Wednesday, August 3, 2011


The recent rains have triggered termite swarms. We have recently seen three distinct swarms in Umstead State Park in Raleigh, NC. Most of the swarming activity that is occurring now takes place outdoors, which is simply a reminder that termites are around us outdoors. It's a good reminder to all of us that if any of your school buildings haven't been inspected for termites in a number of years, this might be a good time to get it done. 

For those school systems that conduct their pest control in-house, we recommend that you look carefully for termite shelter ("mud") tubes on exterior foundation walls. For buildings with crawlspaces, check the wood along the top of the foundation (in the interior crawlspace), looking carefully for tubes and/or damage. This often means pulling back insulation in some areas to inspect. Be sure to inspect any “critical areas” for termite evidence. These areas include places where plumbing and other utility conduits penetrate slabs/foundations, cracks in foundations, areas around door and window frames, and areas prone to moisture problems.

If your school system contracts with a pest control company, your other option is to have them inspect the school buildings. There is a lot of confusion about what pest control companies can/cannot tell their customers. If there is no evidence of termite activity, a pest control inspector cannot tell someone that they "need" to have a structure treated. On the other hand, if it's been 10+ years since the structure was last treated, then the company might "suggest" a treatment as a way of protecting a major investment. But ultimately, the decision about whether or not to have a building treated for termites is up to your school system.

In instances where people have termite contracts with pest control companies, some companies have a clause in their contract that allows them to require retreatment of a structure after some interval (usually 5 years). This clause applies whether or not there are signs of termite activity. So, the advice is simple and the same as any other contract you sign - READ IT CAREFULLY.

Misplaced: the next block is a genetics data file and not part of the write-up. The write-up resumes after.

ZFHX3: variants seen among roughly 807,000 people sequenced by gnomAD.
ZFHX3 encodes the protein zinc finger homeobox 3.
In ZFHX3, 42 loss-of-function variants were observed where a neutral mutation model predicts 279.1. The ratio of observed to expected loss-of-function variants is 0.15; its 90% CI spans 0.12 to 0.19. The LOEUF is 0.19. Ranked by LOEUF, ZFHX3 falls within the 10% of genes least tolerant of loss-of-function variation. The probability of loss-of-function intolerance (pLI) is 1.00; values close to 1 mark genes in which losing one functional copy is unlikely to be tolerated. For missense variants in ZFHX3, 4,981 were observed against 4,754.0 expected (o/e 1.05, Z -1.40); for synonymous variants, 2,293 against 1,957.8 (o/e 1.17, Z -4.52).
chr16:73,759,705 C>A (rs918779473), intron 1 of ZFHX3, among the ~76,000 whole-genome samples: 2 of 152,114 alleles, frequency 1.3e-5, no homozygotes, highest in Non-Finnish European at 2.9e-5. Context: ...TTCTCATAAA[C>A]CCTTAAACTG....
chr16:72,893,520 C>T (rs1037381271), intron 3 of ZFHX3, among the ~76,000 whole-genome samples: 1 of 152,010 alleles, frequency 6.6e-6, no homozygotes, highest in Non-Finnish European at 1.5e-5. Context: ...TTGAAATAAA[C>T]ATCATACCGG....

Click HERE for more information about termites.

The rains will also leave behind water sources that can produce mosquitoes. While puddles of water will dry up, the major concern will be for items that may be present on school property: buckets, flower pots with dishes underneath, tarps covering items, and even tree holes. Remember to "Tip and Toss" - tip the item to drain the water and toss the items that aren't needed.

Click HERE for more information about mosquitoes.

Fire Ants
Also, if you live in an area where fire ants are a problem, don't be surprised if you see mounds popping up. We've seen this same situation where dry summer conditions reduce surface activity but significant rainfall often affords the ants the opportunity to form mounds from what was previously very hard-packed soils.

Click HERE  for information about fire ants.


  1. That is gorgeous post having complete information. Thanks for sharing as termites are becoming the worst for wood. these white ants damage many of our house boards. this is best to control over it I checked this for inspection termite los angeleshope you like it.

  2. I really admire your efforts for giving such a great post. Thanks for the useful information.


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